Thought for the Day - Professor Linda Woodhead - 26/12/2012
Good morning. Happy Boxing Day.
When I was a child I hated Boxing Day. I’d wake up and think: “Oh no! No more presents until Easter.” Now that I’m older I’m more likely to wake up and think: “Thank goodness that’s over for another year: back to normal.” But really you need both things: ordinary time and extra-ordinary time -- because neither works properly without the other.
In the Christian calendar ‘ordinary time’ is a technical term for that part of the year which isn’t focused around the major festivals like Christmas. Its colour is green, in contrast to the purples, reds and other hues of ritual time. Even for those who don’t celebrate the birth of Christ, Christmas is a ritual event which focuses attention on love, forgiveness, hospitality and generosity. In practice, as the Mass Observation extracts being read on this programme show, these deeper sentiments often jostle with worries about burnt potatoes, pet rabbits, and putting on weight. That’s just fine. We need this mix of the mundane and the magical, because ritual only has power when it gathers up the everyday and wrings out its true meaning.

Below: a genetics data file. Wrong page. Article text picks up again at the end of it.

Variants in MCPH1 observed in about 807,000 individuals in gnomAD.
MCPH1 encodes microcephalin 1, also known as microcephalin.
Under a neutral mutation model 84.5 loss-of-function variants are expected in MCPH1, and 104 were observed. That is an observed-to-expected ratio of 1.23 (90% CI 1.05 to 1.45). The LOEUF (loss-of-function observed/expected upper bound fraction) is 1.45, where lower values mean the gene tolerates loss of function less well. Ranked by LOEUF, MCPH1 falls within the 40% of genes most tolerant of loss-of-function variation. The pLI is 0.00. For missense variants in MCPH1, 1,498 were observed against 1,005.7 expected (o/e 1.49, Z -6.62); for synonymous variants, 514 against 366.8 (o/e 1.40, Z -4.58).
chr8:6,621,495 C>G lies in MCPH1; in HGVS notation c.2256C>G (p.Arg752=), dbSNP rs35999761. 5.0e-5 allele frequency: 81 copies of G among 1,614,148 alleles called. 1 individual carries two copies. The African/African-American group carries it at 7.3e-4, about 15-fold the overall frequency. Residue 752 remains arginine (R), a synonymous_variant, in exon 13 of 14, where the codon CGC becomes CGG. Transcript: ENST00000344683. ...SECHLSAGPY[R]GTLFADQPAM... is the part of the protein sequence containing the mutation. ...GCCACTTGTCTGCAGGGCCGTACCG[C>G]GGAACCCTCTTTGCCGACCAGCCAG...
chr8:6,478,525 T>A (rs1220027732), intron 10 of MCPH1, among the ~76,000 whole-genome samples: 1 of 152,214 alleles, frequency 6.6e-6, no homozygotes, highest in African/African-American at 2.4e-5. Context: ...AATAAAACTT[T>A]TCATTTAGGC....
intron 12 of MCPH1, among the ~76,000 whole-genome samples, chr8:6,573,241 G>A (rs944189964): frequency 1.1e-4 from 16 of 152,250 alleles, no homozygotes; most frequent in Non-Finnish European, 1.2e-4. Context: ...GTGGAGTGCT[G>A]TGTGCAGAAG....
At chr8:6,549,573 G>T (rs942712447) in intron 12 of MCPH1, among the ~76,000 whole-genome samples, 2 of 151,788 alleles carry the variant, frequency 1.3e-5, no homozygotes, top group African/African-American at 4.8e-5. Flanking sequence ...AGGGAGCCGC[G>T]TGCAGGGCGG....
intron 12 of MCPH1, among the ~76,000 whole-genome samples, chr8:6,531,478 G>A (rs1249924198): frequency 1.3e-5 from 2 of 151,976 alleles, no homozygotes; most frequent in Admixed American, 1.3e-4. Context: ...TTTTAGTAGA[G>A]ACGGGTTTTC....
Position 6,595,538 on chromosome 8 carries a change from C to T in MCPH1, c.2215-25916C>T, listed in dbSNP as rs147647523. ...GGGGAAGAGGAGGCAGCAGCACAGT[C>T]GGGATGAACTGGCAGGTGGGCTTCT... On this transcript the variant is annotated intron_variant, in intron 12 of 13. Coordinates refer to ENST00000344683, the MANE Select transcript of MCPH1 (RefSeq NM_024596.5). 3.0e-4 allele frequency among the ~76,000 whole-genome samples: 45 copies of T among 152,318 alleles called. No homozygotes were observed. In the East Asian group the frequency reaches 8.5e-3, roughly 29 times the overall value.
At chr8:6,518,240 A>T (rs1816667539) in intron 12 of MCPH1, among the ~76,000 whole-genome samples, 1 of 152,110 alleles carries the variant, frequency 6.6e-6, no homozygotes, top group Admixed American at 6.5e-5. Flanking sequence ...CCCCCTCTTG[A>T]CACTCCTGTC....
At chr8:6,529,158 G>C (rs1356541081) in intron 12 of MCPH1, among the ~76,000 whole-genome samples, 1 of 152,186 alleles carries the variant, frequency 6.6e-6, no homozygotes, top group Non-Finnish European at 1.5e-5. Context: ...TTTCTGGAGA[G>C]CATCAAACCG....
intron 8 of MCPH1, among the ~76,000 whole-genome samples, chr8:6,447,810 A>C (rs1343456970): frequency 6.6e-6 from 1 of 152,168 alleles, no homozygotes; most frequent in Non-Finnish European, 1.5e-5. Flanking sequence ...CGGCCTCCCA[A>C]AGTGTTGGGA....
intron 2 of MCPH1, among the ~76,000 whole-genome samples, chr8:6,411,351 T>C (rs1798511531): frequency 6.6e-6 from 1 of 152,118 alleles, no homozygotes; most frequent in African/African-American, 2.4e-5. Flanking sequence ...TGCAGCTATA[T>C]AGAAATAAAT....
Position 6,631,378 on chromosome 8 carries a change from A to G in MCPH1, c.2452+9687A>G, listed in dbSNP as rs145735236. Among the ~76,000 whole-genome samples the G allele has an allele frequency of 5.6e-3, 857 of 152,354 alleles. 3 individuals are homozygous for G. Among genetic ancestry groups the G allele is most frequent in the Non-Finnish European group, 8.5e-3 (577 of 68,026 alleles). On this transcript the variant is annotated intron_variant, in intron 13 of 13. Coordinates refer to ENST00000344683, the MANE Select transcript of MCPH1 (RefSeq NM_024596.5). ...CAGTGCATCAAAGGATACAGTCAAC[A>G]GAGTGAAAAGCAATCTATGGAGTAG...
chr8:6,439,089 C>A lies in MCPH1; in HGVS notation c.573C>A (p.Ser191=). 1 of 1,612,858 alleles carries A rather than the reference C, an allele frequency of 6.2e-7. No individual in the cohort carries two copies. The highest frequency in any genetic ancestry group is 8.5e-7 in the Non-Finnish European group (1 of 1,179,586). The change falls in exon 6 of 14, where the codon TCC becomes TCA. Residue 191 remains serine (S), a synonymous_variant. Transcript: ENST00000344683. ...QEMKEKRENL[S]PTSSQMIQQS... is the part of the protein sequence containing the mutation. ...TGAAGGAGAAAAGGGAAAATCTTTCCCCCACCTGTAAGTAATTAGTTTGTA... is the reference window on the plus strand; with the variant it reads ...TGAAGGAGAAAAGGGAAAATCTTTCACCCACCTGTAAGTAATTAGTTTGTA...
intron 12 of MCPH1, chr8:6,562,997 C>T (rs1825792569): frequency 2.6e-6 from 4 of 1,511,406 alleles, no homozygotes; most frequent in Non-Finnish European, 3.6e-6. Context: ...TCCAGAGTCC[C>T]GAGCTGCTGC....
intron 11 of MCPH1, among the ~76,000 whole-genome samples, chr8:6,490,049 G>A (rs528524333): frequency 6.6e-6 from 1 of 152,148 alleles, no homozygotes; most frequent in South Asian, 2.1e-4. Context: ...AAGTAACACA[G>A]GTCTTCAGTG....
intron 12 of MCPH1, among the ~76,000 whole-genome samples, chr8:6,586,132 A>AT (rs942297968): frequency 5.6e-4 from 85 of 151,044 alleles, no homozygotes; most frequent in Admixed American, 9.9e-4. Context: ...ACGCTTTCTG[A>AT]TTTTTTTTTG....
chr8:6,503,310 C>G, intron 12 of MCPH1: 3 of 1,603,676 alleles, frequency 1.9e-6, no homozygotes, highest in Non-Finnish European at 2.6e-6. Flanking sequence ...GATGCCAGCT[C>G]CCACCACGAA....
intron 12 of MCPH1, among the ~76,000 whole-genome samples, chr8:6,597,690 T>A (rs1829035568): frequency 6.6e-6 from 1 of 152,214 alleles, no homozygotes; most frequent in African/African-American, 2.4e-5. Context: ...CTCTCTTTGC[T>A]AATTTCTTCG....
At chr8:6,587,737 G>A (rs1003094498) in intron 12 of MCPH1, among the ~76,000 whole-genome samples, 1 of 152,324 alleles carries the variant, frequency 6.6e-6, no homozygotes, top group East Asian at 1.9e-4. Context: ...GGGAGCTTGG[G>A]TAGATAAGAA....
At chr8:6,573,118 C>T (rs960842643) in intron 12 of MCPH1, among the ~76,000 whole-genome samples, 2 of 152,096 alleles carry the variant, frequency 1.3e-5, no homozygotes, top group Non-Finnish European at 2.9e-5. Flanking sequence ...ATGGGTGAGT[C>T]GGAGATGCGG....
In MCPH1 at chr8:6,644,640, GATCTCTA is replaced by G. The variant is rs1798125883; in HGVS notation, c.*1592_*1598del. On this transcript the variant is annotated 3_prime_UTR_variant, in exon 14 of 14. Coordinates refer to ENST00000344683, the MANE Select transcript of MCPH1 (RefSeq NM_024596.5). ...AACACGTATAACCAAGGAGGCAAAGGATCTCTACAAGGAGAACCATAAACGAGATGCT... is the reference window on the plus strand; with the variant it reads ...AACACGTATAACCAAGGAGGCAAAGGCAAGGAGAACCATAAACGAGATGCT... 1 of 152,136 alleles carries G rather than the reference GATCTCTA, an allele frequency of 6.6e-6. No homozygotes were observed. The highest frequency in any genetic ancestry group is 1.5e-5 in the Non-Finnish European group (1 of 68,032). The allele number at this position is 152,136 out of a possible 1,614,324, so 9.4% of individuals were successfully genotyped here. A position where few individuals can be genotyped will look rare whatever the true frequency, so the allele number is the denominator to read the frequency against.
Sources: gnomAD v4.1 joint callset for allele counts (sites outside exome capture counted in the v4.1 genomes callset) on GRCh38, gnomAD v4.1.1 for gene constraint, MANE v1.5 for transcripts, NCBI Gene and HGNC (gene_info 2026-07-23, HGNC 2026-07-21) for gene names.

I saw a good example the other day in a documentary about the Orthodox Jewish community in Manchester. The camera followed a rabbi as he visited an old man whose sister had just died. “How are you?” asks the rabbi. “Oh I’m fine. I’m fine. I hadn’t seen her for thirty years, you know. Ever since she went to live in New York. We lost touch really.” The rabbi recites the prayers for the dead in Hebrew. At the end he asks the bereaved man to stand, and performs the traditional ritual rending of garments, literally tearing the man’s shirt. And immediately, the old man’s indifference is torn too, and he breaks into floods of tears for his sister. Tears he didn’t know he had, tears he could not have shed without the ritual. It’s a focusing lens for what really matters.
Not that rituals always work. They go wrong when they become too empty or too full. In both cases they lose their connection with everyday life. Empty ritual is when we end up just going through the motions: the gift-giving, carol singing, or whatever doesn’t connect with how we really feel. Overblown ritual is the opposite: the ritual becomes so important it becomes an escape from the life that surrounds it. But at their best, rituals gather up the scattered meanings of our lives and return them to us with fresh clarity and purpose.
Which is why we need our Boxing Days and our Christmases.
Available since: Wed 2 Jan 2013
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